Official Report (Hansard)

Session: 2011/2012

Date: 25 April 2012

PDF version of this report (171.71 kb)

Committee for Finance and Personnel 

Air Passenger Duty:  Consumer Council


The Chairperson: I welcome Antoinette McKeown, who is the chief executive of the Consumer Council, and Aodhan O’Donnell, who is a director.  The Committee has been taking evidence on the issue of air passenger duty (APD).  A legislative consent motion will be debated in the Assembly.  The Committee wishes to make a report to inform that, and we have asked for evidence from people to assist us in coming to our views.  I ask you to make some opening remarks, following which members will ask questions or make observations.


Ms Antoinette McKeown (Consumer Council): Good morning, and thanks very much for giving the Consumer Council an opportunity to give evidence this morning.  We have very specific statutory functions around air passengers, but we have a general statutory responsibility to represent the interest of passengers travelling to, from and within Northern Ireland.  APD has been on our working books for some considerable time.  We first raised it in 2006, and we produced a number of briefings in the past two years for MLAs, other political representatives and Ministers.  We also produced a briefing of evidence to the Northern Ireland Affairs Committee (NIAC) on the matter last year.


We support NIAC's view that we should abolish air passenger duty in Northern Ireland.  NIAC recognised that many people in Northern Ireland use air travel as an essential element of family and economic life — it is not a luxury.  We welcome the proposed devolution to the Northern Ireland Assembly of APD rates for direct long-haul flights.  However, given that 98·5% of passenger journeys are within band A, the proposed devolution of only bands B, C and D of APD rates will have little or no impact on consumers in Northern Ireland.  We want the Northern Ireland Executive to take further action to remove what we see as the unfair burden on Northern Ireland passengers and everyday citizens who have to travel to GB.  Given that it is essential and not a luxury, the reduction in APD for those flights should not be accompanied by a subsequent reduction in the block grant.  We want to talk to you for a couple of minutes about why we think that.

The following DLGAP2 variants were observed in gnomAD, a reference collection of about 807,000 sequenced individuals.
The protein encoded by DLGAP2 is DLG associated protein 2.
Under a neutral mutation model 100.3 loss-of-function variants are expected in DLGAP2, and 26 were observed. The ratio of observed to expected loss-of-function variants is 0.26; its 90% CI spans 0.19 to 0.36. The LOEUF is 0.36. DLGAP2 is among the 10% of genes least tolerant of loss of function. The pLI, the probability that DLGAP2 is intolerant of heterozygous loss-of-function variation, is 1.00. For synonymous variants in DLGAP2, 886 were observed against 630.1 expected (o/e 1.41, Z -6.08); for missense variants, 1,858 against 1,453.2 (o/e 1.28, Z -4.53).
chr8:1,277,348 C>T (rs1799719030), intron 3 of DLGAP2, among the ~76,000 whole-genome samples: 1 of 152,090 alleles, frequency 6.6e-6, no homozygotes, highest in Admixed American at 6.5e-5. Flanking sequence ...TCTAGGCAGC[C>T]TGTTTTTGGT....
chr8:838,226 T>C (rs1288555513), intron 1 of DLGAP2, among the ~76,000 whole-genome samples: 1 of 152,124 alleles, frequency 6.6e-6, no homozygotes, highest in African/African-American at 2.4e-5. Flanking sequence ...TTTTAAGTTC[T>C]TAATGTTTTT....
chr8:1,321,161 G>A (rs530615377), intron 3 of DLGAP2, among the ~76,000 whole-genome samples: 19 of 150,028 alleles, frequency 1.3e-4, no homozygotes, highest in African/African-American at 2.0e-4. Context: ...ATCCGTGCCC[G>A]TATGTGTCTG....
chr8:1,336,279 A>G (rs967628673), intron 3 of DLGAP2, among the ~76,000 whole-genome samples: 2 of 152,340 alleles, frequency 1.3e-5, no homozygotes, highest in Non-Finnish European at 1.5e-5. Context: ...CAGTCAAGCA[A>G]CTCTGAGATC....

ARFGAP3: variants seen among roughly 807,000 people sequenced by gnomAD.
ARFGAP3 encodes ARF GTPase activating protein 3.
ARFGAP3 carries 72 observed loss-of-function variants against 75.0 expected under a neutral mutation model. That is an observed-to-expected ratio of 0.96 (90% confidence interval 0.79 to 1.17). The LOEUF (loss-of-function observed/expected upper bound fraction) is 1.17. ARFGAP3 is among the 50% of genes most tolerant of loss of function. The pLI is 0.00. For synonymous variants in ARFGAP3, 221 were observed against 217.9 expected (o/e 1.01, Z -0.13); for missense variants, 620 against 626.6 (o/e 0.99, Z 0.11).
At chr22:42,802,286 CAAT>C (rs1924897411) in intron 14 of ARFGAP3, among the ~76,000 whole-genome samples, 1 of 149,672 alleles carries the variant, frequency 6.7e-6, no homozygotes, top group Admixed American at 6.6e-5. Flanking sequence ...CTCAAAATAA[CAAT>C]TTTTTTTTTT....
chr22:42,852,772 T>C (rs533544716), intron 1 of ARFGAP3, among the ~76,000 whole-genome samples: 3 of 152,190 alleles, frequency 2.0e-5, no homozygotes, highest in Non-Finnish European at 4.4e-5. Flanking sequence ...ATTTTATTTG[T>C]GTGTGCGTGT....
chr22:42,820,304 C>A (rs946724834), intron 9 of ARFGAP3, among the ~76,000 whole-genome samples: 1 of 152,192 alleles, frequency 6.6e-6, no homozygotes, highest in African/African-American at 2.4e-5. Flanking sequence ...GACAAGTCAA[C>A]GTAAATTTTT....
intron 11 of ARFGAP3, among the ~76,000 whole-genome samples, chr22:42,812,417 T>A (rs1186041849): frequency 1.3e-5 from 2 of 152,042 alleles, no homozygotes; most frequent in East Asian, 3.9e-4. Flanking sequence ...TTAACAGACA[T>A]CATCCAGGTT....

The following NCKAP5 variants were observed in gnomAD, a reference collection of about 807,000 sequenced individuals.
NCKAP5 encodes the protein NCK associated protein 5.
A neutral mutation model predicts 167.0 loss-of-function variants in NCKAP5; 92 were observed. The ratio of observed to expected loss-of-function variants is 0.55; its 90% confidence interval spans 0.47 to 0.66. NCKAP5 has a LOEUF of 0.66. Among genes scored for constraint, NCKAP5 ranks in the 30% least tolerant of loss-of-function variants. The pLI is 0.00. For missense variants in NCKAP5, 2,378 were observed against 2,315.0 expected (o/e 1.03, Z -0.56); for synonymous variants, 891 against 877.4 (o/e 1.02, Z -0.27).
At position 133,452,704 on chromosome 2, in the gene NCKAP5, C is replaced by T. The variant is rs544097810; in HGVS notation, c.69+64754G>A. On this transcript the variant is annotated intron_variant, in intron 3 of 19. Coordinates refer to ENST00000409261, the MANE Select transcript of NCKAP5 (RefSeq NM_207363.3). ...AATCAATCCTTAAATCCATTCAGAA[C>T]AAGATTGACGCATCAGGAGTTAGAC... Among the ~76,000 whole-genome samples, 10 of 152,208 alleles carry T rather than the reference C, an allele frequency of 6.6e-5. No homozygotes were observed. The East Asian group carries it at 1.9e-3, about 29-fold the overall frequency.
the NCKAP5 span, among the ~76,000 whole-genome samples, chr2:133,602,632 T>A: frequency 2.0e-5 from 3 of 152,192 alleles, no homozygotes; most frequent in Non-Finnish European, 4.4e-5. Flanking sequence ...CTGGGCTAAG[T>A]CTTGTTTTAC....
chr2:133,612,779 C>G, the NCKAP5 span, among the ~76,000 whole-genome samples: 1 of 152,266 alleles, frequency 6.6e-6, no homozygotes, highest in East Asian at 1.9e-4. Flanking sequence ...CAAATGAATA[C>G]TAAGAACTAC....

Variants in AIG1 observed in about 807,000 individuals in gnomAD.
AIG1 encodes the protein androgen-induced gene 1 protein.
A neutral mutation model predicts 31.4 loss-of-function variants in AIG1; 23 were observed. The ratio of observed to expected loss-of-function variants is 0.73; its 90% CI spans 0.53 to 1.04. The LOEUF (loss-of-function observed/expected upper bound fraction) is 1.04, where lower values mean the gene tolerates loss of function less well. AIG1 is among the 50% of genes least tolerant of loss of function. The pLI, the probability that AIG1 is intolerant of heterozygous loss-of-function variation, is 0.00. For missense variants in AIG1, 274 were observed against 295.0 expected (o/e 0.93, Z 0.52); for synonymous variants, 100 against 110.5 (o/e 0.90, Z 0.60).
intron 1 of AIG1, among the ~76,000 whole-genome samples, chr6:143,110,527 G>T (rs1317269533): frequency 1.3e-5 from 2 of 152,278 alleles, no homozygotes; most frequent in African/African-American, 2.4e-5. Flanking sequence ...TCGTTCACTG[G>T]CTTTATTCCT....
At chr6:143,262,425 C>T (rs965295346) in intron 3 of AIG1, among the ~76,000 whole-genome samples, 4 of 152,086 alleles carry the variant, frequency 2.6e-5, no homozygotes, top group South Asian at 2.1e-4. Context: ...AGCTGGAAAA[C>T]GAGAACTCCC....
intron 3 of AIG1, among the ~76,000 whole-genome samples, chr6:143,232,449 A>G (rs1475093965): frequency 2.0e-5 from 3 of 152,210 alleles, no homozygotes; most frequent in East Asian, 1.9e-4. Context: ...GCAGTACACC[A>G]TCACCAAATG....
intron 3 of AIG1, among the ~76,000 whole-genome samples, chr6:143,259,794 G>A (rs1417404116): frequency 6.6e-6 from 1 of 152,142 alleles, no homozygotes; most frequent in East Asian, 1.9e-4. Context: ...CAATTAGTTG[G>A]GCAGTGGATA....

Mr Aodhan O'Donnell (Consumer Council): We identified a few specific points around the extra burden that Northern Ireland consumers have regarding air passenger duty.  I will pick out some of the points that were included in the brief.  The dependence on air travel is much higher for Northern Ireland consumers.  The Civil Aviation Authority (CAA) statistics, which we looked at, show that 75% of movements of passengers from Northern Ireland are on domestic services, which comes under the short-haul band A rate of APD.  That is compared with 17% of all broader UK movements.  We clearly have a higher dependence on air travel.  That is natural because we do not have the same access to rail links to other parts of the regions, but that brings with it a higher rate of taxation and cost to consumers in Northern Ireland.


We also have to recognise the fact that the air travel tax, as it is referred to in the South, is charged at €3, which highlights a significant disparity between the cost that Northern Ireland consumers flying out of Northern Ireland airports pay compared with travelling through Dublin Airport.  That can affect the sustainability of some of our routes and the economic sustainability of our airports.


As Antoinette mentioned, although the move on the long-haul flights is welcome and should encourage links to more destinations, it is the case that 98·5% of passengers and consumers are unaffected by the change.  So, we feel that more work should be done to try to have a more positive impact on the vast majority of passengers, who remain unaffected. 


We can look across the water to the situation in the Scottish Highlands.  That has been discussed before, and it is open for debate whether that provides a direct lift that could apply to Northern Ireland.  However, we feel that there is a precedent:  a variance in the tax has been applied.  Some specific issues around population density and peripherality apply to the Scottish Highlands that may not directly apply to the situation in Northern Ireland.  Nonetheless, there is a precedent to look at the impact of air travel costs when it is deemed to be an essential service, and the Northern Ireland Affairs Committee has clearly said that it is not a luxury but an essential connection.